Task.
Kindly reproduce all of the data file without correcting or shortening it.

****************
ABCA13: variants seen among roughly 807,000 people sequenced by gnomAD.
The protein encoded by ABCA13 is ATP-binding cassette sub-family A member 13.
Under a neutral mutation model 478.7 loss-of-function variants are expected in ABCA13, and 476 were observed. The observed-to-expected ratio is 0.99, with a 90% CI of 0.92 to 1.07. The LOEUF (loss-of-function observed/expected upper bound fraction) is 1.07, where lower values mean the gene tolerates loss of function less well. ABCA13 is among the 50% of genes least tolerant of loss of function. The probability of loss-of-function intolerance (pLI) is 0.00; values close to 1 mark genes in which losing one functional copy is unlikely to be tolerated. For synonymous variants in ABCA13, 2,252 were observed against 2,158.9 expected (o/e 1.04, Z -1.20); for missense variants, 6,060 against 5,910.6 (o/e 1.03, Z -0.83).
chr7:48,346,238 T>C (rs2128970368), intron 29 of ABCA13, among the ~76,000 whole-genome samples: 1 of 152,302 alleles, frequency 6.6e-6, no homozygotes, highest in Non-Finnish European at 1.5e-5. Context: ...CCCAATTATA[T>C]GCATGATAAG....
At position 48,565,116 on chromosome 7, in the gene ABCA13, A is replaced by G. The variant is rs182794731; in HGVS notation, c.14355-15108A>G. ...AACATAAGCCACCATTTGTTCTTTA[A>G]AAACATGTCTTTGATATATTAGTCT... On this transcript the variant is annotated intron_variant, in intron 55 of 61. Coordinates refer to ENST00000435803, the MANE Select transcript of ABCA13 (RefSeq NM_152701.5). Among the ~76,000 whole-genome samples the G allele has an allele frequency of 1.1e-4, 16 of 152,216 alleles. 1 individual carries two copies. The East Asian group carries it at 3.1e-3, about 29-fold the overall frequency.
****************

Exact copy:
ABCA13: variants seen among roughly 807,000 people sequenced by gnomAD.
The protein encoded by ABCA13 is ATP-binding cassette sub-family A member 13.
Under a neutral mutation model 478.7 loss-of-function variants are expected in ABCA13, and 476 were observed. The observed-to-expected ratio is 0.99, with a 90% CI of 0.92 to 1.07. The LOEUF (loss-of-function observed/expected upper bound fraction) is 1.07, where lower values mean the gene tolerates loss of function less well. ABCA13 is among the 50% of genes least tolerant of loss of function. The probability of loss-of-function intolerance (pLI) is 0.00; values close to 1 mark genes in which losing one functional copy is unlikely to be tolerated. For synonymous variants in ABCA13, 2,252 were observed against 2,158.9 expected (o/e 1.04, Z -1.20); for missense variants, 6,060 against 5,910.6 (o/e 1.03, Z -0.83).
chr7:48,346,238 T>C (rs2128970368), intron 29 of ABCA13, among the ~76,000 whole-genome samples: 1 of 152,302 alleles, frequency 6.6e-6, no homozygotes, highest in Non-Finnish European at 1.5e-5. Context: ...CCCAATTATA[T>C]GCATGATAAG....
At position 48,565,116 on chromosome 7, in the gene ABCA13, A is replaced by G. The variant is rs182794731; in HGVS notation, c.14355-15108A>G. ...AACATAAGCCACCATTTGTTCTTTA[A>G]AAACATGTCTTTGATATATTAGTCT... On this transcript the variant is annotated intron_variant, in intron 55 of 61. Coordinates refer to ENST00000435803, the MANE Select transcript of ABCA13 (RefSeq NM_152701.5). Among the ~76,000 whole-genome samples the G allele has an allele frequency of 1.1e-4, 16 of 152,216 alleles. 1 individual carries two copies. The East Asian group carries it at 3.1e-3, about 29-fold the overall frequency.